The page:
homeworld NewsLondon Eye: It’s also Sunak vs Sunak

London Eye: It’s also Sunak vs Sunak

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By Sanjay Suri  Aug 8, 2022 11:33:45 AM IST (Published)

Just as surely as Rishi Sunak is doing a great job in the debates, it’s at least partly his own projections driving down support among Conservative Party members.

Oddly opposing flows stand out in Rishi Sunak’s campaign to become Prime Minister of Britain. He wins debate after debate, and in the opinion polling he is falling further and further behind Liz Truss. Even more oddly, it’s Rishi Sunak himself who seems responsible for these unfortunate opposites.

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Unfortunate because he needs to win over Conservative Party members, and not those debates, impressive enough as that is. Just as surely as he’s doing a great job in the debates, it’s at least partly his own projections driving down support among Conservative Party members.
A video clip released just ahead of the fourth hustings in Eastbourne this week, and the attempted PR damage control, offered startling evidence of Rishi Sunak working against himself. The clip, traced and released no doubt by some Truss supporters through The New Statesman, shows Rishi speaking to some party members in a garden in Tunbridge Wells in the south of England.
Rishi Sunak is seen saying, “I managed to start changing the funding formulas to make sure that areas like this are getting the funding that they deserve, because we inherited a bunch of formulas from the Labour Party that shoved all the funding into deprived urban areas ... that needed to be undone. I started the work of undoing that.”
The inevitable storm followed. That he had managed to divert public funding from deprived urban areas to areas such as Tunbridge Wells. Tunbridge Wells is not just affluent, it is so affluent as to be familiar in all of Britain as a metaphor of affluence.
Damage Control
Rishi’s PR team went into instant overdrive in an attempt to undo the damage, or at least to limit it. Quick comments from Rishi Sunak were arranged just outside the hall where the hustings were due. The spin on offer was that Rishi Sunak meant that he ensured funding also to rural areas, not just to urban areas.
That spin would have stood a far better chance of being convincing had he made his remarks in some deprived rural area, not in an affluent garden in swank Tunbridge Wells. The guests seated in the garden, the very picture of well-heeled Tories, appeared a world apart from poor farmers in some deprived rural area.
The second round to attempt damage control came through the course of the hustings. Anticipating a question over this, Sunak mentioned the video clip on his own as an example of how he would support rural and not just urban areas.
Concern over deprived urban areas was never going to be an issue among the wealthy Conservatives at Eastbourne hustings. But going by some conversations with Conservative members later, not many bought the spin. They didn’t mind any disregard for the urban poor, they did the attempt to project that he had something other than what he had.
That remark at Tunbridge Wells is indicative of an underlying anxiety right through his campaign to win party votes with near far-right rhetoric. He declared he was fully behind the Tory government policy of sending asylum seekers to Rwanda, that he would be tougher on people on welfare.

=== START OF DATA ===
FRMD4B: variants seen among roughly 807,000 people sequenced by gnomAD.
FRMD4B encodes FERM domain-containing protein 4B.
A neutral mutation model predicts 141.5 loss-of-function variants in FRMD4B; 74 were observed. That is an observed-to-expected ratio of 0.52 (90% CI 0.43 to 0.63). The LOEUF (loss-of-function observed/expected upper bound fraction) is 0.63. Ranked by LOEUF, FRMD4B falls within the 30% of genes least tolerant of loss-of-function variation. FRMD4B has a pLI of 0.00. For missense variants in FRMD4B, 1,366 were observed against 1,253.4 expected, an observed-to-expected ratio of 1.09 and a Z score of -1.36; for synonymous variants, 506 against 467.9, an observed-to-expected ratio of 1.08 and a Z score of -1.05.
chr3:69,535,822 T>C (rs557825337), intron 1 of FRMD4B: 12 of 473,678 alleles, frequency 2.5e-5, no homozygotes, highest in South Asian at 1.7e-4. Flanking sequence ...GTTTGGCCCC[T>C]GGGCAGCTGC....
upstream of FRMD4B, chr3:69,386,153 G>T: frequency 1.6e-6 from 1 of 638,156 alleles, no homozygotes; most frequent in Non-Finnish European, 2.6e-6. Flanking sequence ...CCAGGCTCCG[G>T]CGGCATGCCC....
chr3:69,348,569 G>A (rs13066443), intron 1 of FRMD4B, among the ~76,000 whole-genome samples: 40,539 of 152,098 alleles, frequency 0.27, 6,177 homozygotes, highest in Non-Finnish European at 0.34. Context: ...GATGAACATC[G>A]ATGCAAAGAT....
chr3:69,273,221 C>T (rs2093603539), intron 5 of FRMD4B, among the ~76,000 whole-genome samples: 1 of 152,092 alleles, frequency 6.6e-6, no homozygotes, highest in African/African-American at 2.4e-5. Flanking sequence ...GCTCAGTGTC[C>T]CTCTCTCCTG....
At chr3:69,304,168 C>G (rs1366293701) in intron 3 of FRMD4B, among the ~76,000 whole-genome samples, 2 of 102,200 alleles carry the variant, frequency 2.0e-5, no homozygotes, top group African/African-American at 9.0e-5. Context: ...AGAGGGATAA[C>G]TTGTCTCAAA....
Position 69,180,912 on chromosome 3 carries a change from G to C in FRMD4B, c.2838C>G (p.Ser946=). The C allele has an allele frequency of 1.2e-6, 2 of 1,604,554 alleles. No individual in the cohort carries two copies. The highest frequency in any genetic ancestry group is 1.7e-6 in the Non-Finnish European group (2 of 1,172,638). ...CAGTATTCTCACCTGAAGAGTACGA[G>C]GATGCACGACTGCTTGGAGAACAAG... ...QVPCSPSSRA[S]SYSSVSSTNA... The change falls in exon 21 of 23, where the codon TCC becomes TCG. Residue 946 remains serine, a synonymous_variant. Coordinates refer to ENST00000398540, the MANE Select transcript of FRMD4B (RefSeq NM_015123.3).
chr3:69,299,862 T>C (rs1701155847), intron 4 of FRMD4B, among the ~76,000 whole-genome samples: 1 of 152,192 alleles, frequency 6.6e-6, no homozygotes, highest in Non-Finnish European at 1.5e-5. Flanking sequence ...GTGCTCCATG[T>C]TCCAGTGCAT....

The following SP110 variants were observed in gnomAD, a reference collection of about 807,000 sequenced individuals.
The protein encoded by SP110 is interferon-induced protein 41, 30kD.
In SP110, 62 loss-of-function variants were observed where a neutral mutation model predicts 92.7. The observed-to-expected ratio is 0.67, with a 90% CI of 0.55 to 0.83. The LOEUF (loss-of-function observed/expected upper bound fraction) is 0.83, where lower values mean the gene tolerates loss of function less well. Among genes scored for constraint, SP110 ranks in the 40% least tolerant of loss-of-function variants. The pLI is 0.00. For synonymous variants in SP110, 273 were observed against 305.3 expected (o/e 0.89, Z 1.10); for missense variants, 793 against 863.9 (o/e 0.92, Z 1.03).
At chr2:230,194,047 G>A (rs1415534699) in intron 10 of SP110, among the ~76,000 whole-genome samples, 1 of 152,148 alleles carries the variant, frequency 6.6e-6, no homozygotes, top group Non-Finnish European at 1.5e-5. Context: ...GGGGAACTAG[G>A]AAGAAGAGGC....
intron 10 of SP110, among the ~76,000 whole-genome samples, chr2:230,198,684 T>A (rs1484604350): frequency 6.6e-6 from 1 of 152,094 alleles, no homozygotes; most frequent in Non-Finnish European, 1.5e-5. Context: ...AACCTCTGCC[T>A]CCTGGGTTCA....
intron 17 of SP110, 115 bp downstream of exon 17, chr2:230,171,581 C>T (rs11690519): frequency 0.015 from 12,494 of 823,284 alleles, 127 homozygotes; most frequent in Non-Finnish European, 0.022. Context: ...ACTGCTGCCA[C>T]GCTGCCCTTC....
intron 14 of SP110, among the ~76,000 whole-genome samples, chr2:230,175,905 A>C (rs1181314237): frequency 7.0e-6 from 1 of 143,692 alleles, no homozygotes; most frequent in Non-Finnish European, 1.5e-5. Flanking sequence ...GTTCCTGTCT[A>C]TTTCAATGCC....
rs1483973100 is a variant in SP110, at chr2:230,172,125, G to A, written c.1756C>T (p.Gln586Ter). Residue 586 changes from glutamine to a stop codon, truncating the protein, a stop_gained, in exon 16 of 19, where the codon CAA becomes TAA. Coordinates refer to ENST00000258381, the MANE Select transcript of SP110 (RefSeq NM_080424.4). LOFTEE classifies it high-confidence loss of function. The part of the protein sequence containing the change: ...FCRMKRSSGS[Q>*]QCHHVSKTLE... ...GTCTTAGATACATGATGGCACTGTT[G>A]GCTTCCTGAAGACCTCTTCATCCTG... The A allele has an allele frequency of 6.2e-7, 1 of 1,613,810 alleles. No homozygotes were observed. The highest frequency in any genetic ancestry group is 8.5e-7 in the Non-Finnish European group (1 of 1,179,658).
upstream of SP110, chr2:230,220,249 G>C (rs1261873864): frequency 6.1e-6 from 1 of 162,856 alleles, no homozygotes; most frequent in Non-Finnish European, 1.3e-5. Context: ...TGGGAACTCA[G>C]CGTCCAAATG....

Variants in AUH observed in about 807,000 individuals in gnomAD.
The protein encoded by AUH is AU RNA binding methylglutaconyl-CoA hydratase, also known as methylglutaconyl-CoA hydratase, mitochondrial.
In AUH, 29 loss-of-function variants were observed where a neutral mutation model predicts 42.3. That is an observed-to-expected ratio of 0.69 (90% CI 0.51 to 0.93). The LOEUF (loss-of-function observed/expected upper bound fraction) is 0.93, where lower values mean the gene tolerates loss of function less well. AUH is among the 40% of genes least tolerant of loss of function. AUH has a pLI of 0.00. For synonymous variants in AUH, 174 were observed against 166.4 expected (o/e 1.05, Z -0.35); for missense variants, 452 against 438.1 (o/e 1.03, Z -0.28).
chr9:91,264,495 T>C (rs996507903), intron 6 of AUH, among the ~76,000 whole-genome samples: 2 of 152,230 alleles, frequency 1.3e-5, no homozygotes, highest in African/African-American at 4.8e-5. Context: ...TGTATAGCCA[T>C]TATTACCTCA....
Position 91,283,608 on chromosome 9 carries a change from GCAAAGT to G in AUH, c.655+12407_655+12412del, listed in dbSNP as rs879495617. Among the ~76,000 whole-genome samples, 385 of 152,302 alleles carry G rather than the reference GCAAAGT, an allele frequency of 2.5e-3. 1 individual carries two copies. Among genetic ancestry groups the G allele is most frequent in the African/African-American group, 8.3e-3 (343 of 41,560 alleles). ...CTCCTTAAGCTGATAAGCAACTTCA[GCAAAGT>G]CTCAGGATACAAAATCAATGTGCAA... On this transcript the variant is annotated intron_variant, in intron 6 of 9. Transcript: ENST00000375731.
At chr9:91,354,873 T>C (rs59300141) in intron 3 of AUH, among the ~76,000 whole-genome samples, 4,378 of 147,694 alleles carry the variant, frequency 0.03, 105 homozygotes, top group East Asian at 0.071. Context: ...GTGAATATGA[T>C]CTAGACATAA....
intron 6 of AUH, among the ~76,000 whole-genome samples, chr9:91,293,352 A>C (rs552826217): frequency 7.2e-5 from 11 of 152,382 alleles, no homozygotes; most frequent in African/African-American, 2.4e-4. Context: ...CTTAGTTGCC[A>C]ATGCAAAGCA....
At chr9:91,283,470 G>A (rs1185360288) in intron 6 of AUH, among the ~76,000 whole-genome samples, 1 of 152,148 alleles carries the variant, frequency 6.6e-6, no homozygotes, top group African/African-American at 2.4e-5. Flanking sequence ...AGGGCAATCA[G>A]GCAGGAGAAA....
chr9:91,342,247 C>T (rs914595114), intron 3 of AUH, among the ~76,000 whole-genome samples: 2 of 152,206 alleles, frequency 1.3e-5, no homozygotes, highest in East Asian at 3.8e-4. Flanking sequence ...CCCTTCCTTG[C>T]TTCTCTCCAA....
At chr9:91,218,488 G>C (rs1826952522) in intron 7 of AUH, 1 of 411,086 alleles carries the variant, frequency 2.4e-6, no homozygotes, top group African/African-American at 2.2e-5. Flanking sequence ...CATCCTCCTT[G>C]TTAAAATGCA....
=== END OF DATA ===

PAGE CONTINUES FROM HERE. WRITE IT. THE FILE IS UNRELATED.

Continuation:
“There are more on unemployment benefit than there are job vacancies,” he said in Eastbourne. “We need to be Conservative about that, we need to reform welfare, to get these people to work.” That is one of the oldest bits of gripe heard in election speeches for generations now.
Rishi Sunak appears at hustings after hustings to offer a PR-processed menu of just about every cliché that a far-right Conservative voter might want to hear. The difficulty is that it does mostly sound like an assembled package worked out by a PR team working backwards from its idea of usual Conservative expectations.
Nothing wrong with that perhaps, except that it doesn’t seem to be working. It all sounds too relentlessly right, too much a package of right-wing deliverables of which he has made himself the mouthpiece.
A pity because genuinely embedded in all this are his plans for the economy. Rishi Sunak is spot on over the one issue that matters most. Conservative voters could hardy fail to see that he seems so much more convincing over this than Liz Truss.
Fresh warnings from the Bank of England have underlined the wisdom of his plans as opposed to those of Truss who is standing firm on dubious plans for tax cuts as a way out of inflation. And yet he has been falling further behind Truss.
Without doubt he has been up against a degree of prejudice going against him over his perceived foreign origins. Britain, and certainly the Conservative Party, may simply not be ready for some brown Obama moment. But Rishi Sunak is no more brown now than he was at the start of the campaign. Surely that alone has not been pushing him down.
The PR-packed presentation he is dishing has all that has been pre-determined to work. But it’s not quite delivering for him.
When the economy is debated, Rishi Sunak of course prevails with his argument. But together with winning that argument, his pre-ordered presentations are only losing him support among Tory members even though he says all the right things. Or even because he is only stringing together all he believes Tories will want to hear
— London Eye is a weekly column by CNBC-TV18’s Sanjay Suri, which gives a peek at business-as-unusual from London and around.
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